A quick review of tonight's “Gotham” coming up just as soon as I chug some milk…
The great thing about a character with 75 years of history across multiple media is the abundance of many stories, ideas and supporting characters to draw upon. The tricky thing is figuring out which of those stories, ideas and characters actually fit together. You wouldn't want to deposit the Mutant Leader from “Dark Knight Returns” into a story featuring the Adam West Batman any more than you would try to insert Bat-Mite into “Batman: Year One.”
There's no element of “Viper” that, in isolation, feels like it doesn't belong in the Batman mythos. The Maroni/Falcone gang war is familiar, the notion of Wayne Industries turning corrupt without Thomas and Martha to shepherd it has promise as a direction for Lil Wayne's corner of the show, and the Viper drug is tied to Venom, which gives Bane his amazing strength during different periods of the comic.
Put all together, though, and the pieces don't fit. Jim and Harvey battling a super strong busker whose bones collapse as he's holding up an ATM doesn't feel like the same show as the one where Fish is plotting against Falcone, nor where Bruce is enlisting Alfred in his investigation of the family business. Though the whole show is tied together by the city, and at times by the way Gordon moves from one group of characters to another, for the most part “Gotham” feels like a collection of vaguely-connected mini shows that operate largely independent of one another, with their own isolated settings (Bruce mainly at Wayne Manor, Fish mostly at the club, Selina popping up in street scenes) and often wildly different tones.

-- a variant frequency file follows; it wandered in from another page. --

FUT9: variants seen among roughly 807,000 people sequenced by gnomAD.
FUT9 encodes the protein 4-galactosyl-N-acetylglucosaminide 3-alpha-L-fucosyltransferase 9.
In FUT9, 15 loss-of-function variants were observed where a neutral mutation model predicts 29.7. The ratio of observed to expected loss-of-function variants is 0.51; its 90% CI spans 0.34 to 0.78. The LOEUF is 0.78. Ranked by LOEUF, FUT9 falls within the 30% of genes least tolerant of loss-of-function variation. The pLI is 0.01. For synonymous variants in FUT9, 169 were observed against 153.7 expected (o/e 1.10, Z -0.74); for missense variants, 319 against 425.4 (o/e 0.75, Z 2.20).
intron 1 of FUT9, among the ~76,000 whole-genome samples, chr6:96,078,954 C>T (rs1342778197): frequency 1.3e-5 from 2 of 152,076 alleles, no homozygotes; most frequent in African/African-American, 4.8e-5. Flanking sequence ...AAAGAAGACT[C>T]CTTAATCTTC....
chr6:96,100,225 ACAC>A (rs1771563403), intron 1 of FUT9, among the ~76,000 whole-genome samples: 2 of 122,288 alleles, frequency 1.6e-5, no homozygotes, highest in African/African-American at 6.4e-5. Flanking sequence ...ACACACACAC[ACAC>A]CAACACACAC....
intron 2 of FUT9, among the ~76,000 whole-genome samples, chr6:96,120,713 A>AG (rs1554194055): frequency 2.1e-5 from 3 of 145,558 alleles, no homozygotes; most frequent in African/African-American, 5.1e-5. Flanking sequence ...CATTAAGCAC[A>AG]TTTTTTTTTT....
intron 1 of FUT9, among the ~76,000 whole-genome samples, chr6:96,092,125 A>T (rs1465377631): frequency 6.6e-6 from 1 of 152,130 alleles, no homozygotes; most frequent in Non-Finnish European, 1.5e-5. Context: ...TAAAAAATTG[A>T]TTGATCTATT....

It seems like the Case of the Week material – which should, in theory, be right in Bruno Heller's wheelhouse from his “Mentalist” days – is where the problem is starkest. That's where Heller and company so often have to invent wholly new criminals who can be dispatched in an hour, and where we've gotten various strange ideas (Balloonman, the hitman's lame weapon last week, a superstrong philosophy professor here) that mesh not at all with the building gang war, tales of systemic corruption, and the very slow-cooking Batman and villain origin stories.
It's still very early (especially for a show that recently got its season expanded), but “Gotham” continues to feel like a project where no one's entirely sure what the show is – or, at least, how to make it function as a weekly TV series that has to offer some kind of episodic closure even as the different arcs build. Right now, it's a mess, but it's interestingly messy, and the parts that are good – Penguin, Fish and the McKenzie/Logue chemistry (if not the writing for Harvey – are good enough to keep me watching to see if they can make all the pieces eventually fit together. But Lil Wayne has a better sense of what he wants to be when he grows up than “Gotham” does.
What did everybody else think?